Morning all, welcome to Friday.
It’s the day we all look forward to most in the week. The day when a reporter asks Mikel Arteta about the physical condition of some of his players, and he gives them a vague answer and we try and work out if he’s been 0.000001% more open than usual, or 0.000001% less open than usual.
What a time to be alive.
We’ll hear from the manager ahead of our game against West Ham a bit later on this afternoon. As ever we’ll bring you the stories over on Arseblog News. By the time we play the Hammers, we’ll likely be behind Man City who will unquestionably trounce Everton in the early game on Saturday, and further behind Liverpool who are at home to Burnley. Even if 8 of Burnley’s 13 points this season have come away from home, the idea of them getting anything at Anfield is pretty far-fetched. Pretty, pretty, pretty far-fetched.
And thus when Sunday comes around, there isn’t just the pressure of the game itself, but the external weight of what the other two teams have done. But look, we had that last week when we played Liverpool. Would the gap be 8 or would it be 2? We coped pretty well with it then, and when it comes right down to it, this is the reality of being in a title race. While it causes its own kind of stress and anxiety, it is, by any measure, far preferable to foostering around in mid-table wondering if it would be better to finish 7th and have play in the Europa Conference League or finish 8th and have no Europe at all. Those kind of rationalisations are testing.
Meanwhile, IFAB (International Football Association Board) will reportedly announce upcoming trials for sin-bins in top-level football. A mooted ‘blue card’ could be used for players who show dissent and for cynical fouls. The full announcement is expected today, and we don’t know yet where and when these trials will take place. Sin-bins have been in operation in grassroots levels of English football for a while now, but how effective they have been, I don’t know.
I have to say I’m a little torn on this. Not so much about sin-bins themselves, but I’ve felt for some time that the whole card structure could do with a complete overhaul. There is just too much variance. Take the sending off of Takehiro Tomiyasu against Crystal Palace this season. Did he, and Arsenal, deserve to be down to 10 men – basically the ultimate sanction for a player and a team – for what happened? A slight delay on a throw in, and a ‘foul’ where he barely touched the opponent.
I don’t think you can make a good case for that, especially when officials – whether on-pitch or in the VAR lair – have been quite willing to overlook acts of serious and obvious violent conduct. In Tomiyasu’s case, maybe a 10 minute sin-bin would be a fairer outcome for his ‘indiscretions’. There are some fouls that don’t deserve a yellow card, per se, but which merit some other punishment. Or some fouls that need to be a touch more than a yellow but not quite a red.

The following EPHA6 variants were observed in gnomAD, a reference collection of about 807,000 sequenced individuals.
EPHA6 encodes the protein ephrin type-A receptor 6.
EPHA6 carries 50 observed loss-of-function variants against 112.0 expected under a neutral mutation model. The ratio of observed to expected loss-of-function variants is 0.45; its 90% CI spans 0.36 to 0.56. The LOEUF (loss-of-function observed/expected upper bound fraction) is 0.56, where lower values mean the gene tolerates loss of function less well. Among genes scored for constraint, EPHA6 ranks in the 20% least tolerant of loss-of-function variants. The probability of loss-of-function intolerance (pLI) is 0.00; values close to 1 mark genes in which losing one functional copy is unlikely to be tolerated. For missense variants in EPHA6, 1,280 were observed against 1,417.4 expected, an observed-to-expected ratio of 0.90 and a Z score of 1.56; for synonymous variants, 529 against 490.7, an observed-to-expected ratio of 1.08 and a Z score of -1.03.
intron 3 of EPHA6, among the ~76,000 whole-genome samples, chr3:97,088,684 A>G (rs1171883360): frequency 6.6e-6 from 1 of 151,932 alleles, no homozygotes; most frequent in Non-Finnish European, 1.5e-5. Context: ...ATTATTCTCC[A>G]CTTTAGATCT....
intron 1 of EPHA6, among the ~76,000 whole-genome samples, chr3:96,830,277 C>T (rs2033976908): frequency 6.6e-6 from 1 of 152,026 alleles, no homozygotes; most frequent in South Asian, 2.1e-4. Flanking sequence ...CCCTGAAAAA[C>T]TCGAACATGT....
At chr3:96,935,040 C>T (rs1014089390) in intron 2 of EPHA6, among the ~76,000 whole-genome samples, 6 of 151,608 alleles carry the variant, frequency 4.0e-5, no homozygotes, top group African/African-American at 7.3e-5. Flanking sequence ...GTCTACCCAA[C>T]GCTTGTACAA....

The big problem will be implementation. One referee might tell a player who has something to say ‘Hey, remember the blue card. I can sin-bin you so shut up!’, and another who immediately takes out the card and sidelines him for 10 minutes without any kind of warning. That inconsistency will drive people mad. I guess that’s what the trials will be for, but having introduced VAR to make everything better only to discover it made lots of things worse, you can understand why people would have some concerns about a new layer of officiating.
Speaking of VAR, the head of the Premier League has admitted some problems, not least the amount of time it takes to make decisions and the experience for fans in stadiums who are left almost completely in the dark every time the game is stopped for a review. I also found this interesting:
The latest Premier League statistics show before VAR was introduced, 82 per cent of refereeing decisions were correct. Now, since VAR was introduced, 96 per cent of decisions are correct.
Which made me sit up a bit, because here’s snippet from a Sky Sports article from 2018, citing figures from PGMOL:
In total, refs make around five errors per game, meaning they are right 98 per cent of the time.
The assistant referee makes on average 50 decisions each game; 45 of these are pure offside judgements, with four of these resulting in offside flags. Their accuracy? Again, a staggering 98 per cent.
I’ll leave it up to you to decide whether we were being fed bullshit numbers back then or bullshit numbers now. Either way, something doesn’t smell right.
Right. Let’s leave it there for now. Stand by for a day full of podcasts by the way. Coming up, an exclusive interview between Tim Stillman and Arsenal Women goalkeeper Manuela Zinsberger, an Arsecast this morning too, and in the afternoon the injury pod I mentioned yesterday, as well as a West Ham preview podcast for our Patreon members.
It’s gonna be a busy day on the mic, and for some extra reading, here’s Tim on David Raya.
Have a good one.